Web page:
A push for the movie and film industry to be more inclusive has prompted a new age of racial diversity in Hollywood. Films are celebrated for having a diverse cast, and many minority actors have risen to stardom.
However, even with this push, many actors of color are limited to playing stereotypical caricatures of their race. The U.S. film industry has committed this offense against Latina women time and time again.
Latina and Hispanic women have three options for being cast in movies: the fiery, sexy hothead, the intimidating but family-oriented abuela and the timid and dimwitted house servant. All these characters most likely have heavy accents or do not speak English at all.
As Latina Media Co. put it, “We are constantly fighting to get representation on the silver screen, despite being 62.1 million strong in the U.S. When we are in films, our roles often perpetuate long-held Latinx stereotypes, such as women only being maids, men only being criminals and everyone not knowing how to speak English or speaking with heavy accents. Movies don’t get how varied we are as a people, don’t show the multifaceted Latinx experience.”
This is not a new phenomenon, but one that is still shockingly taking place. Although inexcusable, older films and series had more leeway when it came to incorrectly portraying different identities. However, these offensive tropes are still rampant in modern-day Hollywood.
One of the most beloved characters in the sitcom “Modern Family,” Gloria Prichett, fits this bill perfectly. Played by Sofia Vergara, the character is extremely loud, brash and wildly sexy. Her heavy accent is often made fun of and nobody wants to get on her bad side.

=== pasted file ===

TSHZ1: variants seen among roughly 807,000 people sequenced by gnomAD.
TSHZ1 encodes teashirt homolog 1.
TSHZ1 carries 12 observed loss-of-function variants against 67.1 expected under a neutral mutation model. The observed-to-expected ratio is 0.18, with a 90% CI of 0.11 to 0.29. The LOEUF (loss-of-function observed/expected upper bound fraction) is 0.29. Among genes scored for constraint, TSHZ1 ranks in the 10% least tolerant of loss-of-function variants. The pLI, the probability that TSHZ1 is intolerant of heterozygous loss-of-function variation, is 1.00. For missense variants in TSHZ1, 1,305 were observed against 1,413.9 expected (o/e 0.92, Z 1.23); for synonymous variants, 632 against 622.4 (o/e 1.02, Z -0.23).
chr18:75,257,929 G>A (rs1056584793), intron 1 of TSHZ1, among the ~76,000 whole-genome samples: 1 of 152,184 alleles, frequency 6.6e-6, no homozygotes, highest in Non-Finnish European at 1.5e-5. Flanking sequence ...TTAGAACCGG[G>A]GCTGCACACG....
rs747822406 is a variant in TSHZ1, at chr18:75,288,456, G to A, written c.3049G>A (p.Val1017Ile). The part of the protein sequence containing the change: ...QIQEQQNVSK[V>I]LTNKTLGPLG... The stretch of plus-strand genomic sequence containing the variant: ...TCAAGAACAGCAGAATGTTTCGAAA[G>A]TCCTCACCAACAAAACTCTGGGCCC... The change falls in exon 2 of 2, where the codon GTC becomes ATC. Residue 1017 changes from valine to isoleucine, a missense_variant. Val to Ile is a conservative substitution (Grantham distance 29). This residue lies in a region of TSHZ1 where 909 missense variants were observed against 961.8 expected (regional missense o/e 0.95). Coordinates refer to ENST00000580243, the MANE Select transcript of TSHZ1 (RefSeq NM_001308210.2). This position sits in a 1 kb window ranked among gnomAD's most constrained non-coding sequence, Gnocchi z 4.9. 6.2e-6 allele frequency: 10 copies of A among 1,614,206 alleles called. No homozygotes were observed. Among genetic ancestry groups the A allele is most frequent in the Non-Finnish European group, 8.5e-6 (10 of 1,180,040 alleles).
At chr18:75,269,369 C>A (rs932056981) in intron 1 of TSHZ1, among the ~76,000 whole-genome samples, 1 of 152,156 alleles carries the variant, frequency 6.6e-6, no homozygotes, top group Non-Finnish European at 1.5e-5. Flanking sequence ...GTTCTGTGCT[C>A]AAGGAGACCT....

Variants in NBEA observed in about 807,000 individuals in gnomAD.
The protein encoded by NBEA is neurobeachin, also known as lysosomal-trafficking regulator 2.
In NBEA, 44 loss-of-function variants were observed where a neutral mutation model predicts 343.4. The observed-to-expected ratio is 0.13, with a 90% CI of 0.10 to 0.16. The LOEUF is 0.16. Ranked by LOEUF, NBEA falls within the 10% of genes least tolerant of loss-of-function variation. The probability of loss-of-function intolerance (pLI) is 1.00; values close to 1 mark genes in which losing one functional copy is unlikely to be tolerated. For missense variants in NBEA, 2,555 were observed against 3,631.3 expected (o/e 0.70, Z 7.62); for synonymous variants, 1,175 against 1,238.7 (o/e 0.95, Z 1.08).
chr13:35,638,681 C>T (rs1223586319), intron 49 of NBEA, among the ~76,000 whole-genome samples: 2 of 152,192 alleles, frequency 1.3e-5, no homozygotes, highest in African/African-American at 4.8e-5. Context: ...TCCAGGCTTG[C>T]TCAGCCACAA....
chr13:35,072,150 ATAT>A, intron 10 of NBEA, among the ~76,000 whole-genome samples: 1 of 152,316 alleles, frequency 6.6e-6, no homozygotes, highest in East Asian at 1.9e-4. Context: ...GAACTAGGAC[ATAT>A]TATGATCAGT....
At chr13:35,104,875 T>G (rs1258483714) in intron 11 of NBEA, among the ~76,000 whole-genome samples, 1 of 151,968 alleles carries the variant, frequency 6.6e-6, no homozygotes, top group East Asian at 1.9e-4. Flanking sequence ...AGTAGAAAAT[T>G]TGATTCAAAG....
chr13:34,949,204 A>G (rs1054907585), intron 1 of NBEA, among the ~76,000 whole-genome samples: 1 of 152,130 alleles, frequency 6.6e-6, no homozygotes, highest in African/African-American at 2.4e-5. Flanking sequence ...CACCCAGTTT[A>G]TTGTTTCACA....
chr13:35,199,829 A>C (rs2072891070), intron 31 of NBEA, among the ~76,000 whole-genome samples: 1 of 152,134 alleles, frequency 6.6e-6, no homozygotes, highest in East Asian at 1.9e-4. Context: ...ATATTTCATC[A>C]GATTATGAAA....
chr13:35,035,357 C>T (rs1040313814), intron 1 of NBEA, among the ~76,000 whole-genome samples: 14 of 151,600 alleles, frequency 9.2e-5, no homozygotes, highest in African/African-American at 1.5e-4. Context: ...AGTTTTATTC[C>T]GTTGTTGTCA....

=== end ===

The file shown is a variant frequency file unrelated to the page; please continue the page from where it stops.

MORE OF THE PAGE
Furthermore, she often alludes to her “village” and the trials she faced there. Although the audience knows she is from Colombia, she never says where exactly and always speaks of the primitive conditions and dangerous threats. Although very Catholic, her character has a lust for violence and pain.
All these qualities are stereotypical for Latina women. The concept of a fiery beauty from poor conditions is a trope that reflects the white savior mentality and the idea that exotic beauty is desired and even fetishized.
Regarding the abuela trope, even animated movies are not immune. Pixar’s “Coco” and Disney’s “Encanto” both feature a family matriarch who is equal parts family-oriented and feared. They run the entire family and demand respect no matter what. They can usually be found with a sandal ready to throw at a misbehaving family member.
The final trope is perhaps the most damaging. Referred to as “la doméstica” or “la tonta,” the Latina housekeeper is ever-prevalent. She is usually older, speaks no English and is mostly clueless. She lacks a formal education, and the audience often does not even realize she is there. Aside from a crack from her employer, she is in the background. Many movies and TV shows include this character, including “Clueless,” “The Goonies” and “The Maid in Manhattan.”
In addition to misrepresenting an entire community, the most damaging part about these stereotypical tropes in media is forcing ethnic actors to play these roles. There are very few options for Latino actors, and the ones that do exist are misrepresentations. This reinforces the idea that minorities in the U.S. must conform to what society deems acceptable. Casting diverse actors to play stereotypical roles is not enough if the movie industry truly hopes to be more inclusive and accepting.
Alyssa Cruz is a junior studying journalism and Spanish at Ohio University. Please note that the views and opinions of the columnist do not reflect those of The Post. What are your thoughts? Tell Alyssa by tweeting her at @alyssadanccruz.